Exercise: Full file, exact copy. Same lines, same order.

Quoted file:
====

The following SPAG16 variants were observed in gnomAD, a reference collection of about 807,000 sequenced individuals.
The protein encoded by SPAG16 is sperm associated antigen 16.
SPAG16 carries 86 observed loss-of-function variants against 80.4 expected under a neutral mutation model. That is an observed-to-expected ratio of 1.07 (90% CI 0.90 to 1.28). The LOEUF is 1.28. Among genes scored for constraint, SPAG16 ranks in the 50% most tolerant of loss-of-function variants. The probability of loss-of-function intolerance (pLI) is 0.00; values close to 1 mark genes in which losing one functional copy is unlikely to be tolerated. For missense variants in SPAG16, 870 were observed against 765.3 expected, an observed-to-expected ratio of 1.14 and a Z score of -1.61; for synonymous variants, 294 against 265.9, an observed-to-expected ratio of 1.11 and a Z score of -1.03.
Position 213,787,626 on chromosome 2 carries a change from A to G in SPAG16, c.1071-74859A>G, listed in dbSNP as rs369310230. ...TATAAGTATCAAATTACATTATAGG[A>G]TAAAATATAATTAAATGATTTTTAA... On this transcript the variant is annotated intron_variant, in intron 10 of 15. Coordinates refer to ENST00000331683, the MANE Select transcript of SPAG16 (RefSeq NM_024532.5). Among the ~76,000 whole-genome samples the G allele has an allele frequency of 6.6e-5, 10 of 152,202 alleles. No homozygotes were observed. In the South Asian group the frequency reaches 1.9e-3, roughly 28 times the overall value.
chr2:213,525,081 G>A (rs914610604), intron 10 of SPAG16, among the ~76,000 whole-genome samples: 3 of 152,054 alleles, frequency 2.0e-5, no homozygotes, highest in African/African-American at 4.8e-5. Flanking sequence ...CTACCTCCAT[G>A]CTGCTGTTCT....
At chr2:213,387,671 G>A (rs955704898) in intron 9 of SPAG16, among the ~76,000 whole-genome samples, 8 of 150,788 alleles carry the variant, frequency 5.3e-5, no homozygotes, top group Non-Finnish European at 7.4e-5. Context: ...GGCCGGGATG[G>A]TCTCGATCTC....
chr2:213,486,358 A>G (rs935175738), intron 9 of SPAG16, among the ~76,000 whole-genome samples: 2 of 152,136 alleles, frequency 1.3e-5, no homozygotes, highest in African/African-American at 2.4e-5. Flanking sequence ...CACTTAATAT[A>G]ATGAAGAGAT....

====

The following SPAG16 variants were observed in gnomAD, a reference collection of about 807,000 sequenced individuals.
The protein encoded by SPAG16 is sperm associated antigen 16.
SPAG16 carries 86 observed loss-of-function variants against 80.4 expected under a neutral mutation model. That is an observed-to-expected ratio of 1.07 (90% CI 0.90 to 1.28). The LOEUF is 1.28. Among genes scored for constraint, SPAG16 ranks in the 50% most tolerant of loss-of-function variants. The probability of loss-of-function intolerance (pLI) is 0.00; values close to 1 mark genes in which losing one functional copy is unlikely to be tolerated. For missense variants in SPAG16, 870 were observed against 765.3 expected, an observed-to-expected ratio of 1.14 and a Z score of -1.61; for synonymous variants, 294 against 265.9, an observed-to-expected ratio of 1.11 and a Z score of -1.03.
Position 213,787,626 on chromosome 2 carries a change from A to G in SPAG16, c.1071-74859A>G, listed in dbSNP as rs369310230. ...TATAAGTATCAAATTACATTATAGG[A>G]TAAAATATAATTAAATGATTTTTAA... On this transcript the variant is annotated intron_variant, in intron 10 of 15. Coordinates refer to ENST00000331683, the MANE Select transcript of SPAG16 (RefSeq NM_024532.5). Among the ~76,000 whole-genome samples the G allele has an allele frequency of 6.6e-5, 10 of 152,202 alleles. No homozygotes were observed. In the South Asian group the frequency reaches 1.9e-3, roughly 28 times the overall value.
chr2:213,525,081 G>A (rs914610604), intron 10 of SPAG16, among the ~76,000 whole-genome samples: 3 of 152,054 alleles, frequency 2.0e-5, no homozygotes, highest in African/African-American at 4.8e-5. Flanking sequence ...CTACCTCCAT[G>A]CTGCTGTTCT....
At chr2:213,387,671 G>A (rs955704898) in intron 9 of SPAG16, among the ~76,000 whole-genome samples, 8 of 150,788 alleles carry the variant, frequency 5.3e-5, no homozygotes, top group Non-Finnish European at 7.4e-5. Context: ...GGCCGGGATG[G>A]TCTCGATCTC....
chr2:213,486,358 A>G (rs935175738), intron 9 of SPAG16, among the ~76,000 whole-genome samples: 2 of 152,136 alleles, frequency 1.3e-5, no homozygotes, highest in African/African-American at 2.4e-5. Flanking sequence ...CACTTAATAT[A>G]ATGAAGAGAT....